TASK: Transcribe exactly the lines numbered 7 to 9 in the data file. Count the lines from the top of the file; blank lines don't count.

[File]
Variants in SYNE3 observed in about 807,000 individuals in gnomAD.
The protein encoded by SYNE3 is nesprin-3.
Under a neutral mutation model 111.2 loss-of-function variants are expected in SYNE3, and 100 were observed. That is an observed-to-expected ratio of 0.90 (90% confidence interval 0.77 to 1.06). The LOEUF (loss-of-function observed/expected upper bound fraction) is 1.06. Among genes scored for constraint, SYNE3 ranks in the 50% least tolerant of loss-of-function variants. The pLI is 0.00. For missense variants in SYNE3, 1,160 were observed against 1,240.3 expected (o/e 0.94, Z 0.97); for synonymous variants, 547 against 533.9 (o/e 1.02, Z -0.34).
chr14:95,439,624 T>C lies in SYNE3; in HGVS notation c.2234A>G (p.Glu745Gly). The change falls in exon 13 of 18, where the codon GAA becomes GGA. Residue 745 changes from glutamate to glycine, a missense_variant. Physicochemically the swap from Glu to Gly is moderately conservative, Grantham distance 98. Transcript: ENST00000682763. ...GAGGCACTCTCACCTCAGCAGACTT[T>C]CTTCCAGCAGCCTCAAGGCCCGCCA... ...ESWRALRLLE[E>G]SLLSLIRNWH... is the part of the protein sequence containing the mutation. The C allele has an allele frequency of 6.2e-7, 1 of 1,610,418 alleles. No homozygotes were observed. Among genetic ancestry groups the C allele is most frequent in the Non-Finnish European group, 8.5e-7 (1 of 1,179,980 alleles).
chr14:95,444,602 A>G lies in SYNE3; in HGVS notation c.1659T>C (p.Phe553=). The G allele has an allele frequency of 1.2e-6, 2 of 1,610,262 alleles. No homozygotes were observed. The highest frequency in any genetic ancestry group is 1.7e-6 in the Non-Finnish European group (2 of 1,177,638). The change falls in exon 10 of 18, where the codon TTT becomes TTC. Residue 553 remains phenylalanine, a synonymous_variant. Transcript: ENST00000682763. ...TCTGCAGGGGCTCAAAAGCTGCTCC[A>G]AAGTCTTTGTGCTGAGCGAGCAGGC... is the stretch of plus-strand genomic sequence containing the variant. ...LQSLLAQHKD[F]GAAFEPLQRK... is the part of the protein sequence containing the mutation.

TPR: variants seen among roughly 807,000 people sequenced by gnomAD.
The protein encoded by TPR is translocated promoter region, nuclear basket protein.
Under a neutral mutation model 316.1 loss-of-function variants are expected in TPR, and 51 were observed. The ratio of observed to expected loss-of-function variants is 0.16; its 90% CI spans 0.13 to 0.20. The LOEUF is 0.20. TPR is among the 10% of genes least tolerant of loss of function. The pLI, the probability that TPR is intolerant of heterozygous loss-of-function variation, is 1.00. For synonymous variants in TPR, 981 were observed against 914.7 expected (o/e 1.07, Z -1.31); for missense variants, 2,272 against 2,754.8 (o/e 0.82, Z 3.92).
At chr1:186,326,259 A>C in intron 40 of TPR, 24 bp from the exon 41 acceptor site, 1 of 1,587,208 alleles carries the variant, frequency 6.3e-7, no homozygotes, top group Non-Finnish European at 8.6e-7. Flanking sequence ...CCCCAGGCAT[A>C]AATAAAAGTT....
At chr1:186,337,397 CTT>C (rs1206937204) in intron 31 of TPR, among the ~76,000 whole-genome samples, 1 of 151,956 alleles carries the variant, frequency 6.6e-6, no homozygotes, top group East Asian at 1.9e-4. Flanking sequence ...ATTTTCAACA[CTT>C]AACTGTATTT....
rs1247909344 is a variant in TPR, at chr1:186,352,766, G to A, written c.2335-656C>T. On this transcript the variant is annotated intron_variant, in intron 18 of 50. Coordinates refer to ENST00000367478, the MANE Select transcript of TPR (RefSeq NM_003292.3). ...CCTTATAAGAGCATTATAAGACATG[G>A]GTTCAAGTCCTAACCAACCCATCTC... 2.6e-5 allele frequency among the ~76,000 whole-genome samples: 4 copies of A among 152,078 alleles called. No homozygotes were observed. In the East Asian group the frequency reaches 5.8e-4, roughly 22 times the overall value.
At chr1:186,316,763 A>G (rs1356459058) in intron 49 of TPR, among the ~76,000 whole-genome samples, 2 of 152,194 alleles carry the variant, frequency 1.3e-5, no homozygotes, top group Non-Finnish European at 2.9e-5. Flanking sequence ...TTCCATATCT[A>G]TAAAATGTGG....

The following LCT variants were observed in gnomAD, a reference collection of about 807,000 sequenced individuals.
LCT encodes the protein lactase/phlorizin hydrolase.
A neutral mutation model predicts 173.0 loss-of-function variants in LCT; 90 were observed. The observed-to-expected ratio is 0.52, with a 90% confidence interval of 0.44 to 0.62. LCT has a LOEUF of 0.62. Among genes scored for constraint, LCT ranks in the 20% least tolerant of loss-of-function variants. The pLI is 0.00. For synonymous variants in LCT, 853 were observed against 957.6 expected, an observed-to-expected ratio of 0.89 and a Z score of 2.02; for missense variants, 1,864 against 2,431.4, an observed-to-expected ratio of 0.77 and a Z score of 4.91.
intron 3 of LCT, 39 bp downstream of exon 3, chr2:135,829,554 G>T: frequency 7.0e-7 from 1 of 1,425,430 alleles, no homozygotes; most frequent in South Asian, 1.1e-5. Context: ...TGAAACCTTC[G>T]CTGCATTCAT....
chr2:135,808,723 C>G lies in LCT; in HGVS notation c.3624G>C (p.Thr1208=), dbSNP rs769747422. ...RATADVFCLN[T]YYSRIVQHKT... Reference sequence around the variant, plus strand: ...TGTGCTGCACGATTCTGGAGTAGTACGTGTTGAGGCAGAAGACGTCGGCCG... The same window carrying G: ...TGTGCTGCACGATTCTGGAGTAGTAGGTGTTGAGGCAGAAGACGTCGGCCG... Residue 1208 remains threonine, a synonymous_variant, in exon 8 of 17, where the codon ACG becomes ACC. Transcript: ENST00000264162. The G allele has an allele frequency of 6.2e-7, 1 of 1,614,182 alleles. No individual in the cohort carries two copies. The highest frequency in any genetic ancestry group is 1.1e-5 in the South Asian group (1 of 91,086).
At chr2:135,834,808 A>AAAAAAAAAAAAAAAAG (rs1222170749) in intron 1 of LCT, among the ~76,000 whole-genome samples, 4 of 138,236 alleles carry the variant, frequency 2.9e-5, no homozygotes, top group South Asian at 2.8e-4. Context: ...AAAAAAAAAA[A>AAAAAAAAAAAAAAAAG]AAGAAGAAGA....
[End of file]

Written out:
The protein encoded by TPR is translocated promoter region, nuclear basket protein.
Under a neutral mutation model 316.1 loss-of-function variants are expected in TPR, and 51 were observed. The ratio of observed to expected loss-of-function variants is 0.16; its 90% CI spans 0.13 to 0.20. The LOEUF is 0.20. TPR is among the 10% of genes least tolerant of loss of function. The pLI, the probability that TPR is intolerant of heterozygous loss-of-function variation, is 1.00. For synonymous variants in TPR, 981 were observed against 914.7 expected (o/e 1.07, Z -1.31); for missense variants, 2,272 against 2,754.8 (o/e 0.82, Z 3.92).
At chr1:186,326,259 A>C in intron 40 of TPR, 24 bp from the exon 41 acceptor site, 1 of 1,587,208 alleles carries the variant, frequency 6.3e-7, no homozygotes, top group Non-Finnish European at 8.6e-7. Flanking sequence ...CCCCAGGCAT[A>C]AATAAAAGTT....